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Intaglio Printing

Intaglio is the Italian word for incising or engraving. Intaglio printing uses a flat printing plate, usually a sheet of copper, on which an image is made as grooves drawn by one means or another. In the printing shop the plate is inked all over, the ink being forced into the grooves. The ink is then wiped off the surface of the plate, leaving ink in the grooves. Paper is pressed onto the inked plate where it picks up the ink, the image. The printing press must press harder than for relief printing, one reason why there is a clear plate mark because the paper is squeezed over the edge of the plate; and the paper has to be dampened to be soft enough to reach into the grooves and pick up the ink. In the process of inking and wiping the printing plate becomes worn; the image become faint and detail may be lost.
The image drawn on the plate has to be in reverse (true of relief printing as well). Note that a landscape mirror, popular with tourists and artists in the late 18th century, provides an image in reverse for you to be able to copy onto your sketch pad.


Etching is one process for drawing the image on the plate. The copper plate is warmed and a wax rubbed all over its surface, a coating called a ground which resists acid. The back of the plate is varnished to protect it. Etching ground can be purchased, or an artist might make his own. A typical recipe has asphaltum, Burgundy pitch and white wax, which are melted together and prepared as balls of ground wrapped in stout silk cloth. The ground is applied by rubbing the ball on the hot plate, the ground melting and oozing onto the plate.
The artist or engraver scribes his drawing in the ground, exposing the copper plate. The plate is then dipped in acid which bites the image into the copper. The bite can be controlled; a longer bite going deeper, holding more ink, making a darker image on the paper. Part of the drawing can be stopped out by a coat of varnish after an initial bite, and the rest of the image bitten deeper by another dip in the acid. New lines can be added at any stage.
Etching has been used since the early 16th century.


For an aquatint the ground is of various fine particles than can fix to the copper plate and resist acid. Most frequently the ground is fine particles of resin, or asphaltum, bitumen or pitch. The particles can be dusted onto the plate, which is heated to stick them in an irregular pattern. Or they might be spread as a suspension in alcohol, which dries off in the heating. The two methods leave recognizable different irregular patterns. The plate is dipped in acid for a short time that will have it print as the lightest tone required. The light areas are then stopped out by painting on varnish, and the plate dipped again to the next level of tone. The plate might be ready after perhaps a dozen stages of dipping and stopping out. Line engraving might be added to the plate, and other techniques can be used as well, in particular the lift ground or sugar lift process (see one of the books below).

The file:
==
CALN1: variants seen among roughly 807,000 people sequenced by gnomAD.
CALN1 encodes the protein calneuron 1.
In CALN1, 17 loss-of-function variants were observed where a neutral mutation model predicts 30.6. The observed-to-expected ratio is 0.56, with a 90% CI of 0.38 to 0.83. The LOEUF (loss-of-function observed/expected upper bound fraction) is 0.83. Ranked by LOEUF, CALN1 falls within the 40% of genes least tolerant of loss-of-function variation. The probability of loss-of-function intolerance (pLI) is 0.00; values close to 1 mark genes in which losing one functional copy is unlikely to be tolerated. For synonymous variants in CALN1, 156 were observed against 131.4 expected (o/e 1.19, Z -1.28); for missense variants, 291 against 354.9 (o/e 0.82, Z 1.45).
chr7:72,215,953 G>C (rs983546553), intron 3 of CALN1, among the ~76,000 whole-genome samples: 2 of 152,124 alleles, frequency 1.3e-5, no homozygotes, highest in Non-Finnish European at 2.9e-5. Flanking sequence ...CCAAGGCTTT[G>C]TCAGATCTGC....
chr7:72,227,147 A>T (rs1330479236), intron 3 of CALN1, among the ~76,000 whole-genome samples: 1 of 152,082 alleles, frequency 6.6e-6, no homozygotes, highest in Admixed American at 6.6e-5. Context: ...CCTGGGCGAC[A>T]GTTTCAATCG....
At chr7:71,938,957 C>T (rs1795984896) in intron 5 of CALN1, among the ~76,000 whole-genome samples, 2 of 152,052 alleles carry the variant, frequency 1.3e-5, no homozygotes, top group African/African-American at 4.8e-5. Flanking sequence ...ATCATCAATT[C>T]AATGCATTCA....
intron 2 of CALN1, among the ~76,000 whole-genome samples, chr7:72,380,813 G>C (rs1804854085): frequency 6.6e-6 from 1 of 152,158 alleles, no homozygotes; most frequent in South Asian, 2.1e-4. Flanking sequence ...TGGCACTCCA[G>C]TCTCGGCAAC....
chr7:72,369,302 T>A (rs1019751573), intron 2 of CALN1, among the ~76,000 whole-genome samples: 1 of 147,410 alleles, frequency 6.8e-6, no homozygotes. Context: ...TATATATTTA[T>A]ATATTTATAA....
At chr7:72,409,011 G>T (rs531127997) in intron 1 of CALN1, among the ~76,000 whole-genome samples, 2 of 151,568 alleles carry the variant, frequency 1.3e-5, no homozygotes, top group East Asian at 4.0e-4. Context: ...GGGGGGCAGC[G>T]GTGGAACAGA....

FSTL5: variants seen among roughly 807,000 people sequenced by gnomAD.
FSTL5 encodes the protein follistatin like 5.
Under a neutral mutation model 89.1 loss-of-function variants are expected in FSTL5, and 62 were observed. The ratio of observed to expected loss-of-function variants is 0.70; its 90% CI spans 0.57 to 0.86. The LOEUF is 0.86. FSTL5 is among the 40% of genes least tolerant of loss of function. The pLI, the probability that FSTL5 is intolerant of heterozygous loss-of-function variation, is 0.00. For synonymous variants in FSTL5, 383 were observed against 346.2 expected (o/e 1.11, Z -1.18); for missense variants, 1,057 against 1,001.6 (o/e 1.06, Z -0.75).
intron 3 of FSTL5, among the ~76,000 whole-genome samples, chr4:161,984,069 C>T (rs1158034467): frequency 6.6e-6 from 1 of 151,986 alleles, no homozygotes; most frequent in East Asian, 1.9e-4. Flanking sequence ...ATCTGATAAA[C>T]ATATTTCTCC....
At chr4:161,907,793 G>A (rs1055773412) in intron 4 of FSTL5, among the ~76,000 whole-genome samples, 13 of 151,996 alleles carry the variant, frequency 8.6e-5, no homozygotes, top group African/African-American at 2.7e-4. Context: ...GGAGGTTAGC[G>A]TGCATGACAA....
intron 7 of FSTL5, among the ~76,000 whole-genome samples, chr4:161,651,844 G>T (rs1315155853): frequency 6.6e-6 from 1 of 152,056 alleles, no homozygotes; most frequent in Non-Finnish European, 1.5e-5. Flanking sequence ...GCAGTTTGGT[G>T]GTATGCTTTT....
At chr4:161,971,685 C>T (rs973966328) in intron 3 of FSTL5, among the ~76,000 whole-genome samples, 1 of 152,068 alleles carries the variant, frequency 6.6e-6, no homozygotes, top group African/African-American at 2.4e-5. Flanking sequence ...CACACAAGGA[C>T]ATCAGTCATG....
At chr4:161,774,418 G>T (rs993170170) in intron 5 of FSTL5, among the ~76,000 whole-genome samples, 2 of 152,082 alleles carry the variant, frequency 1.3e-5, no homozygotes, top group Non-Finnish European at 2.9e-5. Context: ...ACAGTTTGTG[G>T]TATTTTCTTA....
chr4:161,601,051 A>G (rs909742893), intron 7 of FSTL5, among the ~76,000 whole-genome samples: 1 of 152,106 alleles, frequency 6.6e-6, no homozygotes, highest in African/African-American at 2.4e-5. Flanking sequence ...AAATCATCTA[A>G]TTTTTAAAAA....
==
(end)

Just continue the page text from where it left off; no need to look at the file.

The method was discovered in the mid 17th century, but not much used till the mid 18th century, it was common from the 1770s onwards and used up to the 1820s when lithography replaced it. The method's name comes from its ability to imitate a watercolour wash.

Soft Ground Etching

The wax etching ground has tallow added to it before it is spread on the copper plate. One artist's instructions state 1 part of hog's lard to 3 of common etching ground, but a little less in warm weather. This ground doesn't completely harden but remains a little tacky. Paper is laid over the ground and the image is drawn with a pencil; the paper is lifted off, bring the ground with it where the pencil pressed. When drawing the artist must use a bridge to rest his wrist, not accidentally rest on the plate. The width of line exposed on the plate depends on the pressure of the pencil. The plate is bitten with acid as before.
The method was known but little used in the 17th century, it became important in the 18th century and was popular up to the 1820s when it was replaced by lithography. Soft ground etching imitates the broken lines of crayon drawing, and can be very flexible in creating subtle effects.


It has been said that a drawing could be made in the field on thin paper; in the studio the paper would be placed face down on the plate and the image drawn, guided by the marks showing through the paper. William Green, Ambleside, is said to have used this method and some of his original field drawings are said to exist. I have as yet found no confirmatory evidence for this technique.

Gascoine, Bamber: 1995: How to Identify Prints: Thames and Hudson (London):: ISBN 500 23454 X

Russell, Ronald: 1979: Guide to British Topographical Prints: David and Charles (Newton Abbot, Devon):: ISBN 0 7135 7810 4

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